Literacy Highland Lakes Receives Criminal Justice Volunteer Award
Literacy Highland Lakes received an award for volunteering its literacy services
to female inmates at the Ellen Halbert Unit in Burnet during the Governor’s 2014
Criminal Justice Volunteer ceremony in Austin on April 17. In attendance were
Literacy Highland Lakes Executive Director Sally May (front, left), board
members Sue Wieland and JoAnn Donnelly and volunteer Genie Boyd; and
Texas Board of Criminal Justice chairman Oliver Bell (back, left), keynote
speaker Judge Cathy Cochran and Texas Department of Criminal Justice
Executive Director Brad Livingston. Courtesy photo
Posted on 04 June 2014
BURNET — "I got a 510 on the essay!" beamed the woman standing in the single-file line, the required formation for movement within the Ellen Halbert Unit.
Genie Boyd of Horseshoe Bay, a Literacy Highland Lakes volunteer, turned and spotted the inmate she had tutored for the writing section of the GED test and smiled back. The 510 score on the essay is tantamount to passing with flying colors.
"I told you that you could do it," Boyd replied.
In April, the Windham School District, which oversees the inmate educational program, recognized Literacy Highland Lakes efforts during the Governor 2014 Criminal Justice Volunteer ceremony in Austin.
For many of the female inmates in the Ellen Halbert Unit, earning a GED is the first academic success in their lives. According to the Texas Criminal Justice Coalition, the average inmate in Texas has a fifth-grade education, and giving inmates the ability to learn is one of the best ways to reduce their chances of re-offending and maintain public safety for all citizens. So two years ago, when the inmates in Burnet could no longer take classes, their opportunity to re-enter society with a high-school equivalency credential was essentially handcuffed.
In 2011, the Windham School District, the educational program within the Texas prison system, experienced a 27 percent funding cut from the legislature. Hundreds of employee positions were eliminated system-wide, forcing the closure of educational programs at six substance abuse treatment facilities, including the Ellen Halbert Unit.
Trudy Stucky of Sunrise Beach has taught Bible studies at the prison since 1996 and remembered the aftermath of the district’s departure.
"Even the classroom furniture was moved out," she said. "There was such a cloud of disappointment over the whole facility. I heard it compared to mourning a death."
Stucky knew her friend, Genie Boyd, tutored adults in GED preparation as a volunteer for Literacy Highland Lakes. As they were talking one day in the summer of 2012, she asked Boyd if the literacy organization might consider teaching the incarcerated women at the Burnet facility. When Boyd presented the idea to Executive Director Sally May, the answer was a resounding "yes."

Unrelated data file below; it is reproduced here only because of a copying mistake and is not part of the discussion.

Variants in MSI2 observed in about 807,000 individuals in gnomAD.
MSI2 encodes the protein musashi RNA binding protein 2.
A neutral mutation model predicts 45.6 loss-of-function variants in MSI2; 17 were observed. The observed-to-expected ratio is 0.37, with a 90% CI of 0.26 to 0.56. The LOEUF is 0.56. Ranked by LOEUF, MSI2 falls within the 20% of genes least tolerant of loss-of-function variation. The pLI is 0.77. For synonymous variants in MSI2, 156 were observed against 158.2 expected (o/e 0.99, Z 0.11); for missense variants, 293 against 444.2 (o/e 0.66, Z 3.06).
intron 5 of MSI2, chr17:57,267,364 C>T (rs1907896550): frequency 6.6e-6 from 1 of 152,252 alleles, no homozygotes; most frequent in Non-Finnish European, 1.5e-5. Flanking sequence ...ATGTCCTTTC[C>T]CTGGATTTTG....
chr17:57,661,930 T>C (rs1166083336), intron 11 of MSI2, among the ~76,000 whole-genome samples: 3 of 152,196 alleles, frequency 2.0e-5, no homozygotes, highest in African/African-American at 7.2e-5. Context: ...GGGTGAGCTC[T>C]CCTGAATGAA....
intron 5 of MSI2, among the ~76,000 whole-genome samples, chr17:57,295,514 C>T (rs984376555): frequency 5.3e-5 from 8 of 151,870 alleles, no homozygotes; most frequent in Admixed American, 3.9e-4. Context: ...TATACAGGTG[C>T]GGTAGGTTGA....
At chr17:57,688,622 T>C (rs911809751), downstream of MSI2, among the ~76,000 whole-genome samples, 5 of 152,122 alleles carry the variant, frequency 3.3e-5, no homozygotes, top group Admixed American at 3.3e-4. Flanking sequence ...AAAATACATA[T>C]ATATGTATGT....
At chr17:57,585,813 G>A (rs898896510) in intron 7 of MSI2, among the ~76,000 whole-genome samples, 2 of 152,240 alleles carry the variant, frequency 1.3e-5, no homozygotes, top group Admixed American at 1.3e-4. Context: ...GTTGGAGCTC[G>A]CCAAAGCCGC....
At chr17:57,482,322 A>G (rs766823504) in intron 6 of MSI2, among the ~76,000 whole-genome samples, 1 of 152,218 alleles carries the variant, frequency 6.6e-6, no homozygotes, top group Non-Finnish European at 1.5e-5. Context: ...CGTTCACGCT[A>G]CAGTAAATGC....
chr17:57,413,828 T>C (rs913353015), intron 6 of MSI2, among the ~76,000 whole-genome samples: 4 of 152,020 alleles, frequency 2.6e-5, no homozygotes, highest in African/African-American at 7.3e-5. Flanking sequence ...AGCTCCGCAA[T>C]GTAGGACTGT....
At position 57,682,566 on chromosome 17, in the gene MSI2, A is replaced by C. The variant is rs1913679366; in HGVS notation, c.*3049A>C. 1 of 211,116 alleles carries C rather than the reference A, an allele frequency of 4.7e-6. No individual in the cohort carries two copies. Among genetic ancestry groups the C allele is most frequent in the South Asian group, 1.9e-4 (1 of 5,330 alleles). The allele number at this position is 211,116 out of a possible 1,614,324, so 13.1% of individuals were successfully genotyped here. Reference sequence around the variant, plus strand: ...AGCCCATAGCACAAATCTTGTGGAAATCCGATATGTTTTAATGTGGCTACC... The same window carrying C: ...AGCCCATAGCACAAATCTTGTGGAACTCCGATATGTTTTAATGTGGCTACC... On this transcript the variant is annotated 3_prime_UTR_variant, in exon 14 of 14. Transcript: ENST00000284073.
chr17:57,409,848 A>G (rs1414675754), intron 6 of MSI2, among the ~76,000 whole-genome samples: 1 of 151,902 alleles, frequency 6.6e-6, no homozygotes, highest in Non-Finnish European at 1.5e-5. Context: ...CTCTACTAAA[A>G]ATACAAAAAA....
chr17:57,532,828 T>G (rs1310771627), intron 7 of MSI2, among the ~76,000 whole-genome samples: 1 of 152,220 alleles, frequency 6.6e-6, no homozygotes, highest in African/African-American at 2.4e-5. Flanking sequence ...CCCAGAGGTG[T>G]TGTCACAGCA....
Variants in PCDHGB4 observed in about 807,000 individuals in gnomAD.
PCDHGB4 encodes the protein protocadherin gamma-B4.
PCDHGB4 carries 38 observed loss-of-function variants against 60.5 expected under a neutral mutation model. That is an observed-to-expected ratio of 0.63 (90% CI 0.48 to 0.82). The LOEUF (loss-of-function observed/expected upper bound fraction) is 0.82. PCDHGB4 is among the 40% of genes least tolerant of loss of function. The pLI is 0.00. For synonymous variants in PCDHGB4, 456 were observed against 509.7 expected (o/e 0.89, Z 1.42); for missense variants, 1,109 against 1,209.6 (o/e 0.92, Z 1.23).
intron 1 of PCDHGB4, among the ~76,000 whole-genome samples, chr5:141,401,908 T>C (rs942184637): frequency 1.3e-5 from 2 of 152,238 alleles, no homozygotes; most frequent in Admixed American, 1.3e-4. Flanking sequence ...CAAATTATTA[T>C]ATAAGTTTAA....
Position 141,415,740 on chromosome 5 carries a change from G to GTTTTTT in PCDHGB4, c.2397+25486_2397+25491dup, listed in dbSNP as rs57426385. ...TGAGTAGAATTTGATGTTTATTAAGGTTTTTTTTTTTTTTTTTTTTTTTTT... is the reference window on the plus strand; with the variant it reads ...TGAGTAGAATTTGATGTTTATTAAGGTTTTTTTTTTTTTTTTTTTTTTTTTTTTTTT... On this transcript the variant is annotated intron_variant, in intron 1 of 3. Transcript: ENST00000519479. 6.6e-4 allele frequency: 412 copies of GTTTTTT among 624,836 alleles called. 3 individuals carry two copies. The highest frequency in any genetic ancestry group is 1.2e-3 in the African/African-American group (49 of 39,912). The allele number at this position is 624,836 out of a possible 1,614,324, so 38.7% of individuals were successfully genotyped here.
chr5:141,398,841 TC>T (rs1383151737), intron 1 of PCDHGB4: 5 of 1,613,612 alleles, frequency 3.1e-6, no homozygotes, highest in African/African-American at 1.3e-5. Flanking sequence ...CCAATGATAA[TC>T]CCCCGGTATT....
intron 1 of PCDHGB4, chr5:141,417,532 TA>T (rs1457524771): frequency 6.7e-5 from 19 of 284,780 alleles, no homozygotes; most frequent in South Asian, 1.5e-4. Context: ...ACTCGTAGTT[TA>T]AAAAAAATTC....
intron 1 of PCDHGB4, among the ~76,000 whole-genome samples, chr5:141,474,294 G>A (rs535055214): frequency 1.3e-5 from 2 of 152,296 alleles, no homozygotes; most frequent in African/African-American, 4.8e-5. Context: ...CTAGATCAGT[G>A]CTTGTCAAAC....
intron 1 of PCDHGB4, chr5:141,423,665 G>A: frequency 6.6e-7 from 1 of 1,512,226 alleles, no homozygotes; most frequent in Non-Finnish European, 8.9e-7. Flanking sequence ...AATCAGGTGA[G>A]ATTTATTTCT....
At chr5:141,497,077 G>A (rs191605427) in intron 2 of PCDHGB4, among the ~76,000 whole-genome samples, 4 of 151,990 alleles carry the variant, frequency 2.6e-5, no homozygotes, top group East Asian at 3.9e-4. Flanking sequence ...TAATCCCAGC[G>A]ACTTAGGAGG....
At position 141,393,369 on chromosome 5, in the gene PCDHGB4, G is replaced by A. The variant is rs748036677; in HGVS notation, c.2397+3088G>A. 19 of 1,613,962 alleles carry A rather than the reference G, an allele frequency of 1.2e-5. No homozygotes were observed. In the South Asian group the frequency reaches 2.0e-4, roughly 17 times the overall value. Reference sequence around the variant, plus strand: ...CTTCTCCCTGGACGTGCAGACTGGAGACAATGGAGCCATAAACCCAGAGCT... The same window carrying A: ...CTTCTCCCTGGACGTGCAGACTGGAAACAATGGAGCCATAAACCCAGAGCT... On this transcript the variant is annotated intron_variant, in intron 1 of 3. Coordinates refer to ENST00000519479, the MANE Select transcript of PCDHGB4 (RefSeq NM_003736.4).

Beginning in March 2013, volunteers from Literacy Highland Lakes have helped the Windham School District stretch its budget for literacy classes at the Ellen Halbert Unit. A certified teacher from the district, experienced in working in a prison environment, coordinates with the volunteers. The volunteers come to the Halbert Unit twice a week over 10 weeks to help offenders prepare for the GED test. Windham educators then follow up by administering the GED test to the inmates. Last year, 41 inmates received their GEDs.
In recognition of their dedication, the volunteers of Literacy Highland Lakes received the Windham School District’s Judy Burd Award during the Governor’s 2014 Criminal Justice Volunteer ceremony in Austin on April 17. May accepted the award, which was presented by Oliver Bell, chairman of the Texas Board of Criminal Justice, and Texas Department of Criminal Justice Executive Director Brad Livingston.
"These men and women give their time not for monetary reward," Livingston said. "They volunteer because they have a personal passion in seeing others succeed. We are grateful for their selfless dedication."
According to May, part of their role is to be cheerleaders for the women to reach their goals. In turn, the literacy volunteers are impressed by the responsiveness and dedication of the women at the Ellen Halbert Unit.
"The women talk about using the GED to better their lives, a springboard into a vocational or trade school," May said. "That’s what keeps us really fired up."
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